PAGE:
Trekkies everywhere were given a new reason to celebrate when CBS chief Les Moonves announced on Monday (Nov. 2) that a new “Star Trek” TV series was coming. Continuing to expand on the ever-popular franchise, a new series will boldly go … straight to streaming in 2017.
Once the excitement began to subside, many fans expressed confusion as to why such a big sounding project would be available exclusively on the network’s subscription service CBS All Access.
The Hollywood Reporter is reporting that Moonves delivered an explanation at Tuesday’s (Nov. 3) third quarter earnings conference call, highlighting the importance of original content on the streaming service:
“We’re looking to do original content on All Access and build up that platform. Netflix is our friend a competitor. They compete with [CBS Corp.’s] Showtime. All Access will put out original content and knowing the loyalty of Star Trek fans, this will boost it. … There’s about a billion channels out there and because of Star Trek, people will know what All Access is about.”
CBS sounds pretty confident with this decision and given the direction television entertainment is taking, it may be the right one. However, once the new series premieres to the service, the competition from the other big streaming platforms — Netflix, Hulu, Amazon — will only be more fierce.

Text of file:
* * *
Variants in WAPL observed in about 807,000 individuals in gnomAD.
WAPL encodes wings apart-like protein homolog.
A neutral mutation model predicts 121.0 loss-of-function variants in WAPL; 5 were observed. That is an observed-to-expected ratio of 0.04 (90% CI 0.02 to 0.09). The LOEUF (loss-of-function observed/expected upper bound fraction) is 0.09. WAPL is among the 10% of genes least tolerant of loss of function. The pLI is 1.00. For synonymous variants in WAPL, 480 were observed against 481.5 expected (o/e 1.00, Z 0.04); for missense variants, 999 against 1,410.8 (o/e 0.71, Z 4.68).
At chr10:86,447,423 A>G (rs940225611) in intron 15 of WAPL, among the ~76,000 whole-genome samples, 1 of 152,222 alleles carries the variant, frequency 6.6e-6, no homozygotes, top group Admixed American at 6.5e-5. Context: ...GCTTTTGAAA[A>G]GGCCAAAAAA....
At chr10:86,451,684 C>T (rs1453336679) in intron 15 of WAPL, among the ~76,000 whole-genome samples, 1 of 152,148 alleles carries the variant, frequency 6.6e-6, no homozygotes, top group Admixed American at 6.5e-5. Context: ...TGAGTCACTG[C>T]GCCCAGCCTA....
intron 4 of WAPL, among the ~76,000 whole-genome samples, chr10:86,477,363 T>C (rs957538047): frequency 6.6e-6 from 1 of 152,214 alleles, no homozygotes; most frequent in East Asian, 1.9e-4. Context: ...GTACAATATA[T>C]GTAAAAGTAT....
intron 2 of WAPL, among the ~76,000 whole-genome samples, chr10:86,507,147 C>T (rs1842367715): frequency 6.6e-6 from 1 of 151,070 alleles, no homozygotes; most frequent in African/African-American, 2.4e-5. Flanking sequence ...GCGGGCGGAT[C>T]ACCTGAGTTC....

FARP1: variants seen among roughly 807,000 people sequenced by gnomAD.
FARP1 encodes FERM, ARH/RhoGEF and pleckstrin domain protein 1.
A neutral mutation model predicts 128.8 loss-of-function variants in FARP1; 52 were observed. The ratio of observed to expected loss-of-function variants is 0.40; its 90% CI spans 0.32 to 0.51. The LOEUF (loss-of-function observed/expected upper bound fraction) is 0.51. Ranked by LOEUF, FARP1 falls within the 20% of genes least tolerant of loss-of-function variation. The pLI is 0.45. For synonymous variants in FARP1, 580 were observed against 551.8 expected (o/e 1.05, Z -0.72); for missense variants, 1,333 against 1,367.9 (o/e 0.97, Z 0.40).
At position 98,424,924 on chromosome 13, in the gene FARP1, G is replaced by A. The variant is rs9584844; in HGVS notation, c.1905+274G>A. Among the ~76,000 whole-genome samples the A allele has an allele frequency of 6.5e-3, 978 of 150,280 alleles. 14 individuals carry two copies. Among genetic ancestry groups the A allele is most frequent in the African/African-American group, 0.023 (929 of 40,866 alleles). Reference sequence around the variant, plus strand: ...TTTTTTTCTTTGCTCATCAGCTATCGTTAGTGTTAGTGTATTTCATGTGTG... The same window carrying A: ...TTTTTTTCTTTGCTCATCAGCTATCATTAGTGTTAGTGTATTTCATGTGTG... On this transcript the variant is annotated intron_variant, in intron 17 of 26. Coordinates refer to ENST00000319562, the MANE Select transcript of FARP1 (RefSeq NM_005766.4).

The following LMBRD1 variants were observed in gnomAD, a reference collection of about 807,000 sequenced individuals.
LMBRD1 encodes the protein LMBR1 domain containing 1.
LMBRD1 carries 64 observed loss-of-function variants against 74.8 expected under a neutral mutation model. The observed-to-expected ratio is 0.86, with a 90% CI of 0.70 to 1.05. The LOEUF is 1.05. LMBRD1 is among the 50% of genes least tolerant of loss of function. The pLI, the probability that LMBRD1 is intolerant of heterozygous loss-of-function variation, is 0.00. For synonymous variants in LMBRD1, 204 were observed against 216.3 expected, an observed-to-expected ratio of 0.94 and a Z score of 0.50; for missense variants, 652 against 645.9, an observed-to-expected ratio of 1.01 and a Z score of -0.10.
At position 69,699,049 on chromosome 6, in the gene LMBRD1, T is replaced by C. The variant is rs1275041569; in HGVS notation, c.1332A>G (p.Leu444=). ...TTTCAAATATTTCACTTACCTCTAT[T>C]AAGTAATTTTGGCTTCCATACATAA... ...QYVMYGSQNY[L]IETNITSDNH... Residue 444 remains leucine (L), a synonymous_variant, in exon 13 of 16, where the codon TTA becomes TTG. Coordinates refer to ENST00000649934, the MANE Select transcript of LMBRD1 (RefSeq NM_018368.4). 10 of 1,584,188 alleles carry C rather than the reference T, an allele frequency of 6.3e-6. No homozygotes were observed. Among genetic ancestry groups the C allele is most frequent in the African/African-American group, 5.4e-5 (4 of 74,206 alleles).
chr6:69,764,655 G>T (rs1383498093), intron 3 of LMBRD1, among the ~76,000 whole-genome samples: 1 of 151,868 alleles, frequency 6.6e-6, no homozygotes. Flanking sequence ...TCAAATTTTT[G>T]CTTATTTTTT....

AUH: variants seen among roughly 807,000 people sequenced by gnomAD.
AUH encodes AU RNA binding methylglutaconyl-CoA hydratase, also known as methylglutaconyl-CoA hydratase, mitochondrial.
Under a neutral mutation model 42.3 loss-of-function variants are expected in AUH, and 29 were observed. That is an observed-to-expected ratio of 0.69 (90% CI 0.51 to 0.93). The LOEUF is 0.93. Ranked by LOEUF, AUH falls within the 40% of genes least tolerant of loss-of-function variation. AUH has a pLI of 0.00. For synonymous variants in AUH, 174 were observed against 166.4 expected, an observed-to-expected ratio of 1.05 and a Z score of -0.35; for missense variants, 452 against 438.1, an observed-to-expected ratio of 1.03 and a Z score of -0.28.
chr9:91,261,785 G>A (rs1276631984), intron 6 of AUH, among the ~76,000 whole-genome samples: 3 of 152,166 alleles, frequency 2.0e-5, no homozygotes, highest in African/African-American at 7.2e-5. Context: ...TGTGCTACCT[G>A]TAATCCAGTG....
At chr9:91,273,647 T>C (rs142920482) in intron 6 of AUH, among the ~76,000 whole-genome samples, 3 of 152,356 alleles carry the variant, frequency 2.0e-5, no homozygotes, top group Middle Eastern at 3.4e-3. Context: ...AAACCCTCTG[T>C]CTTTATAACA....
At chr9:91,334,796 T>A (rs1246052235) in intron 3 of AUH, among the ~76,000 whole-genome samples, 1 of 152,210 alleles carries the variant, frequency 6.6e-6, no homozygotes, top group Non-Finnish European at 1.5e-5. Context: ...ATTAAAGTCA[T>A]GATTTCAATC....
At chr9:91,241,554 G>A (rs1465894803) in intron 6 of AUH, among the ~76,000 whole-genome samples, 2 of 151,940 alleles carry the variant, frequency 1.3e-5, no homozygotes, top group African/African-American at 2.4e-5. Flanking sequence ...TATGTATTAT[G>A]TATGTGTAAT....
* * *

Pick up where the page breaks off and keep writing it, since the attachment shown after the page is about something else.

Not to mention, there’s a strong possibility that viewers will pass on dropping an extra $6 a month for the content.
Still, “Star Trek” is a property that has stood the test of time and brought to the world multiple TV series, an ever-growing movie franchise, and a truly voracious fandom that a new program feels like a no-brainer.
With the promise of regular original content coming from the three big streaming services, CBS may have their work cut out for them. But a “Star Trek” show may be the right move in dipping their toes into the real streaming game.
But will it work out? Only time will tell. “Star Trek’s” first episode premieres on CBS in January 2017, with subsequent episodes on CBS All Access.